Reignite Your Faith Through Lincoln’s

This past week a letter surfaced written by William Herndon in 1866, which tells us nothing new about Abraham Lincoln’s faith.  You can purchase it for $35,000.

“Mr. Lincoln’s religion is too well known to me to allow of even a shadow of a doubt; he is or was a Theist & a Rationalist, denying all extraordinary — supernatural inspiration or revelation,” Herndon wrote in the letter, signed Feb. 4, 1866, a year after Lincoln’s assassination.  “At one time in his life, to say the least, he was an elevated Pantheist, doubting the immortality of the soul as the Christian world understands that term,” continued the letter, addressed to Edward McPherson, Clerk of the U.S. House of Representatives. “I love Mr. Lincoln dearly, almost worship him, but that can’t blind me. He’s the purest politician I ever saw, and the justest man.”

Note: Civil War Memory is not an affiliate of this company. I just think it’s a hilarious video.

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Upcoming Talk on Black Confederates + Appearance on History Detectives

I couldn’t be more excited about this talk.  This is my first public presentation on the subject and my first opportunity to formally outline my own thinking about the kinds of questions that need to be explored as well as the pitfalls involved in the current debate and reliance on the Internet as a reliable source.  The story of Silas and Andrew Chandler is the perfect case study for such a presentation.

I am also excited to announce that I will be involved in a production of an upcoming episode of the History Detectives, which will explore the life of these two men.  You may remember that the Antiques Road Show recently featured the original photograph of Silas and Andrew.  A number of people, including yours truly, raised serious questions about Wes Cowan’s interrogation of the artifact as well as his overall understanding of the subject.  It’s good to see that PBS is taking the time to dig deeper.  Filming will take place in May and I will keep you updated.

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Acquisitions, 04/20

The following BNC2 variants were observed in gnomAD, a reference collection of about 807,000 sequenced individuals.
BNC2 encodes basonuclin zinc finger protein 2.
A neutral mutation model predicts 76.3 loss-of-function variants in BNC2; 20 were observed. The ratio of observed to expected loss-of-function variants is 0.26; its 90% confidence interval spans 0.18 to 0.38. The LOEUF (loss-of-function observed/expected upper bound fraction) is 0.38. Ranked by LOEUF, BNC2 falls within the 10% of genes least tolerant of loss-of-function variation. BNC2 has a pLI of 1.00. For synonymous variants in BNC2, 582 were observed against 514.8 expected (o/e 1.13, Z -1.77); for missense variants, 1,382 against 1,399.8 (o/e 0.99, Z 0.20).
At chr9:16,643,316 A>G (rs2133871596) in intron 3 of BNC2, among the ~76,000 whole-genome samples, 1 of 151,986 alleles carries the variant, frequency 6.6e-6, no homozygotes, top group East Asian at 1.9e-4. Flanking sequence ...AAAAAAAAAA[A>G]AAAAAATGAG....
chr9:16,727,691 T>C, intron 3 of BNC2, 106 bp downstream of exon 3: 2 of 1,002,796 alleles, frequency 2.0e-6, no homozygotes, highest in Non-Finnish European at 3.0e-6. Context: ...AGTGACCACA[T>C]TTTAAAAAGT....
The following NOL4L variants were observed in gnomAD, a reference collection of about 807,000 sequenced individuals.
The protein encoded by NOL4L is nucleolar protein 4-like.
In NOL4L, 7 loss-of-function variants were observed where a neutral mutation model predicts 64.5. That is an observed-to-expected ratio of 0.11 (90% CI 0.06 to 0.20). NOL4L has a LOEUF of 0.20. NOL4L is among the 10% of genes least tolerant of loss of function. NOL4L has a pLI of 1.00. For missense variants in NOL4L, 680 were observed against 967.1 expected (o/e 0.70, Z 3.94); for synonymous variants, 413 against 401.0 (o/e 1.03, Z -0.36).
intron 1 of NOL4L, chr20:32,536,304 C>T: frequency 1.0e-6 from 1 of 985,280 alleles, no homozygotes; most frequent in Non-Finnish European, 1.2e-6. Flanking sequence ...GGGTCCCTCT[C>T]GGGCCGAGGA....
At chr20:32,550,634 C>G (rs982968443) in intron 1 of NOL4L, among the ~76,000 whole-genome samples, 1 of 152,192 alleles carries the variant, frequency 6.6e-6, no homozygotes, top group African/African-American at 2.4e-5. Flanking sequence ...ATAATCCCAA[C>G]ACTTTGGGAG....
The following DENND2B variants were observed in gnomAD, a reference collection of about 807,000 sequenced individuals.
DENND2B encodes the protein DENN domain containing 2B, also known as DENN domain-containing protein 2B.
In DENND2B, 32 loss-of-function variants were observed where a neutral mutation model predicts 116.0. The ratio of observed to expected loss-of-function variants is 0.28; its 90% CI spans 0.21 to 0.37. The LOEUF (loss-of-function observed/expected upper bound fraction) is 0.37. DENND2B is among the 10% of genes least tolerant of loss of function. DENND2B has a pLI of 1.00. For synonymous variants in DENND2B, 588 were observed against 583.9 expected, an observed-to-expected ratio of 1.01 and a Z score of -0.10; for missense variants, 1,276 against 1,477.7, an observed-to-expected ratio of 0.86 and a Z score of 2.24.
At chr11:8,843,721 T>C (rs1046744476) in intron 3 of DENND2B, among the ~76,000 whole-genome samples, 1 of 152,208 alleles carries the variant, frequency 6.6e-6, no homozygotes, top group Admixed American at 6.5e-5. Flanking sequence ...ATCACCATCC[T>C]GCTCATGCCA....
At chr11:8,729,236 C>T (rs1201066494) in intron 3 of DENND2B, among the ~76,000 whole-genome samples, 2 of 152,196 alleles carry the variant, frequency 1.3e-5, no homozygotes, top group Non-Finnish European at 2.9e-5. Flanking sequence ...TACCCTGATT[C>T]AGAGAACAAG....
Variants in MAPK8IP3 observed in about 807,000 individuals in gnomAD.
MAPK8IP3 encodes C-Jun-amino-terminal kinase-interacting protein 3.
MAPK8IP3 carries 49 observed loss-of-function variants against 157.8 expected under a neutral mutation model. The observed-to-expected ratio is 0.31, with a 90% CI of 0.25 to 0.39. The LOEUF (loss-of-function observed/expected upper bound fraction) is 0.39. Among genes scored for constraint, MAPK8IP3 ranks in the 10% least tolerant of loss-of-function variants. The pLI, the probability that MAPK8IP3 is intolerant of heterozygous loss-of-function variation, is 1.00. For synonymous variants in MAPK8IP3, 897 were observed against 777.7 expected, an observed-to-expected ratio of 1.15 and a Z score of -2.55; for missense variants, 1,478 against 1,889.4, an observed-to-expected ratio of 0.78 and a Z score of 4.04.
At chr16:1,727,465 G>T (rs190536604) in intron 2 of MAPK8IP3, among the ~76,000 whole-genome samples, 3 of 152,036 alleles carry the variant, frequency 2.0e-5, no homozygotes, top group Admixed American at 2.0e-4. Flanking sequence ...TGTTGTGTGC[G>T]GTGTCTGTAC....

I did my best to dump as many books as possible in light of my move to Boston at the end of June, but new titles just continue to pour in.  In addition to recent review copies, I’ve listed some books that I am reading to brush up on my Massachusetts/Boston history.  I can’t wait to explore the incredibly rich history in and around the city.  Thanks to those of you who are purchasing Amazon books through Civil War Memory.  Sales have been steady, which has allowed me to purchase what I need without having to dip into my own pockets.  I truly appreciate it.

Barbara A. Gannon, The Won Cause: Black and White Comradeship in the Grand Army of the Republic (University of North Carolina Press, 2011).

Gary W. Gallagher, The Union War (Harvard University Press, 2011).

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Do Civil War Re-enactors Not Order Domino’s Pizza?

I missed having the opportunity to comment on this story last week.  First, let me say that I couldn’t be more pleased that developers will be prevented from building a casino at Gettysburg.  That said, I’ve always thought that the battlefield preservation debate is best understood as a negotiation between legitimate competing interests rather than a moral crusade.  Gregg Segal’s photography project in which he situates re-enactors in various scenes of urban sprawl is perhaps the most extreme example of this tendency to offer a mutually exclusive choice between preservation and commercial development.

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Welcome Encyclopedia Virginia

With the addition of the VFH’s Encyclopedia Virginia to my list of advertisers I’ve sold just about every ad space available apart from two 125×125 slots in the right sidebar. EV is the most reliable online encyclopedia for Virginia history and it is still a work-in-progress. The Civil War selections are under the editorial supervision of Peter Carmichael of Gettysburg College. You should also check out the EV companion blog as well as their page devoted to the Civil War Sesquicentennial.

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